My adventures in the woods, streams, rivers, fields, and lakes of Michigan

When it rains all day, it’s time to play

Inside that is. Normally, I don’t mind walking in the rain, but this past week, we had three days when it rained steadily all day, and quite hard as well. In some ways, I feel like it was a wasted week, I stayed home on the two good days waiting to take delivery of the neutral density filter that I mentioned in the last post. By reducing the light coming into the lens, you can hold the shutter open longer, or open the aperture if that’s what you want to do. I put that filter to use on Sunday evening to shoot another sunset at Duck Lake State Park.

Another sunset at Duck Lake

Another sunset at Duck Lake

Neutral density filters are supposed to be color neutral, hence the name. However, the B+W brand multi-coated filter that I purchased adds a slightly warm color cast to the images that I’ve shot so far. That isn’t unpleasant, nor is it more than I can easily fix in Lightroom by decreasing the color temperature slightly, as I did in that photo. In fact, many people would be pleased with slightly warmer tones in their sunset photos to increase the colors, but I’m still going for reality, almost. 😉 The neutral density filter did what I intended it to do, smoothing out the water to some degree, making the overall image more pleasing with the blur created by the long shutter openings adding a sense of motion to the image.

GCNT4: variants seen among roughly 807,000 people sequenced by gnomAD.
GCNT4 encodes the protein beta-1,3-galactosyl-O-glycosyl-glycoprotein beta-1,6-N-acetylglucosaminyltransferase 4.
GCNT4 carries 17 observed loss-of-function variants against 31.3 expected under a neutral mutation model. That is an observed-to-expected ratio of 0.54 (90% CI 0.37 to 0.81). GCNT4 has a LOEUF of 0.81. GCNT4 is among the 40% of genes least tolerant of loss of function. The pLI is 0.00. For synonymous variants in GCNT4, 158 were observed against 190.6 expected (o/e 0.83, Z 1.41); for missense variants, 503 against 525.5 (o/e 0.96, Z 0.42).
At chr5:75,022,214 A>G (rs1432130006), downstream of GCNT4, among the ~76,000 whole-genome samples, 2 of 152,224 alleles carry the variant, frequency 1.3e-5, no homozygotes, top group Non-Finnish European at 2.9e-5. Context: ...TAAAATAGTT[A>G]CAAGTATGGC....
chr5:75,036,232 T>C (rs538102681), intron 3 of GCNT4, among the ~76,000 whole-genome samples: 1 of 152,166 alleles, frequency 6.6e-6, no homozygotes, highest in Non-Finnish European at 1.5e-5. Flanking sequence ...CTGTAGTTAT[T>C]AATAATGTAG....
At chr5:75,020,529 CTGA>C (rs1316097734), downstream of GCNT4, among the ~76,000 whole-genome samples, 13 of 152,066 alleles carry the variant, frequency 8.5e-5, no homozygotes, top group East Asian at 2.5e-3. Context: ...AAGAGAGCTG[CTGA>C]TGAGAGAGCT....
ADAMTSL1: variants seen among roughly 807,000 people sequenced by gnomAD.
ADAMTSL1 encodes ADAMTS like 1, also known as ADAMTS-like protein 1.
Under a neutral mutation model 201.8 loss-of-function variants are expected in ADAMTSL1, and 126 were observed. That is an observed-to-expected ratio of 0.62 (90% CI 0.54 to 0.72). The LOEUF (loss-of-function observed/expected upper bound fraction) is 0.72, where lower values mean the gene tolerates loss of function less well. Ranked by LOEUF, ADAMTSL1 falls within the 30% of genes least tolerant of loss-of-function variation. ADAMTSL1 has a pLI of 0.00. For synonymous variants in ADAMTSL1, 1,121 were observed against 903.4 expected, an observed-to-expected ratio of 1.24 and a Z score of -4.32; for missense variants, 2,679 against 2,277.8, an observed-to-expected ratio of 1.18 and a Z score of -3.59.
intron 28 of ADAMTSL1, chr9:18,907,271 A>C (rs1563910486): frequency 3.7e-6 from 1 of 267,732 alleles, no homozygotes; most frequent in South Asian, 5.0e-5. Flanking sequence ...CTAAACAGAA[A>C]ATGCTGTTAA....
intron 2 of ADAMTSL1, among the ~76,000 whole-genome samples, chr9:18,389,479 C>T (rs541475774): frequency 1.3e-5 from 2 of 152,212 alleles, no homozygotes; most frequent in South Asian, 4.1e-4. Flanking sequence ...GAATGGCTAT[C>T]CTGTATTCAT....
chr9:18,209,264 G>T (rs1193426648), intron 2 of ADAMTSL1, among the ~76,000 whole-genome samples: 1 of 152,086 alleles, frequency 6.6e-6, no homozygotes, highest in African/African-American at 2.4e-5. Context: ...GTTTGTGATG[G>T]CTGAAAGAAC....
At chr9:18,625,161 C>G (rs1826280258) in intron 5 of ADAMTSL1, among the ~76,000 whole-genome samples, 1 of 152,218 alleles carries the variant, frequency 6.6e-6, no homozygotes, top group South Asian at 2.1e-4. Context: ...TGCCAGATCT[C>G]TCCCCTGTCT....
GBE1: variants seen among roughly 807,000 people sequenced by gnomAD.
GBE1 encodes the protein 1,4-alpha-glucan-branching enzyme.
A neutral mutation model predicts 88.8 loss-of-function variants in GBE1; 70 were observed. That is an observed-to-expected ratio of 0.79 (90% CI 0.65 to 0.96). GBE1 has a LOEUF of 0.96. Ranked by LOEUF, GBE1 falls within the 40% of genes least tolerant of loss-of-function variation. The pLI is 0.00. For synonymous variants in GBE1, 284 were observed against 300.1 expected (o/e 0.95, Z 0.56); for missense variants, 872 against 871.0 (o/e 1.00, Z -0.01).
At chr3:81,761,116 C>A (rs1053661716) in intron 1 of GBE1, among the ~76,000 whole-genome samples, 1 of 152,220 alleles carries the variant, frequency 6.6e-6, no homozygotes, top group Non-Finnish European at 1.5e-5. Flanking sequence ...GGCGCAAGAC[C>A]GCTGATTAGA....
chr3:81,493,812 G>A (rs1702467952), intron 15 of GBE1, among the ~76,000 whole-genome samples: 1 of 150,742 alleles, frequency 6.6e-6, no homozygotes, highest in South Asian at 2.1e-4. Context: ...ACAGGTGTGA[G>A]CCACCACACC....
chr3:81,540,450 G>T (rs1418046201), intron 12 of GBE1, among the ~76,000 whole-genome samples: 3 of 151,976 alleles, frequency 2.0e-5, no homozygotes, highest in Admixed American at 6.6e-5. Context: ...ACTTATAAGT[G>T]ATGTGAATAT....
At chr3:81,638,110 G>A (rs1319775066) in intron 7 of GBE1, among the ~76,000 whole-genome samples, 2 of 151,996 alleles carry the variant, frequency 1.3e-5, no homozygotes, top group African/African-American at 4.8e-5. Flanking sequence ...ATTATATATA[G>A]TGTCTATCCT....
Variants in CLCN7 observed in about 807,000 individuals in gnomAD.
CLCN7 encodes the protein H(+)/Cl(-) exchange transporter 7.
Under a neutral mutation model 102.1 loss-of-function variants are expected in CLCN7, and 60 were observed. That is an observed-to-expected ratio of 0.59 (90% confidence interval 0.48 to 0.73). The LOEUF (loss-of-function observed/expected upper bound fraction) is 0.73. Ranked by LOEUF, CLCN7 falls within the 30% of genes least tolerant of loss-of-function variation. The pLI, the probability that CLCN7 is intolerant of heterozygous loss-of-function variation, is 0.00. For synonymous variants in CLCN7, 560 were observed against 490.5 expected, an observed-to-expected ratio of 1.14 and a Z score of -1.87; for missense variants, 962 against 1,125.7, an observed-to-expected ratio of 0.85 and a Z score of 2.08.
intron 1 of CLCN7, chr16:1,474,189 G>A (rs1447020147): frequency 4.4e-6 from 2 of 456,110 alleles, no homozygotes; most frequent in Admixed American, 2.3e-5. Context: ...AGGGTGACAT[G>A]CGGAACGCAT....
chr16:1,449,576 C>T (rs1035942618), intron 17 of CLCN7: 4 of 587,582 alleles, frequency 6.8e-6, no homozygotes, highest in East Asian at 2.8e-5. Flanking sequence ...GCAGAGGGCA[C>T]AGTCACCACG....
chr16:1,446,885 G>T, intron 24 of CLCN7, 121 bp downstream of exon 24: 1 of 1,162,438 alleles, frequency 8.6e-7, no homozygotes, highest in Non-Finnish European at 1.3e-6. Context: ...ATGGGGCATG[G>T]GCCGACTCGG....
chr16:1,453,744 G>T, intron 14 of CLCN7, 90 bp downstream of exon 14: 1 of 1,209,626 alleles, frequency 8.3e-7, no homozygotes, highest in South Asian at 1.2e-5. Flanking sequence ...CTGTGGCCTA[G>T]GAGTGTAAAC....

I don’t think that the image above is all that bad for my first attempt at using a neutral density filter. I set the focus before attaching the filter, then turned the auto-focus off, as with 6 stops of light lost with the filter, I doubt if the 60D would have gotten the focus correct with the filter on. But then, that’s how I do landscapes anyway, setting the focus to what I judge to be 1/3 of the way into the scene, then shutting the auto-focus off. I hope that I get other chances to play with that filter again soon.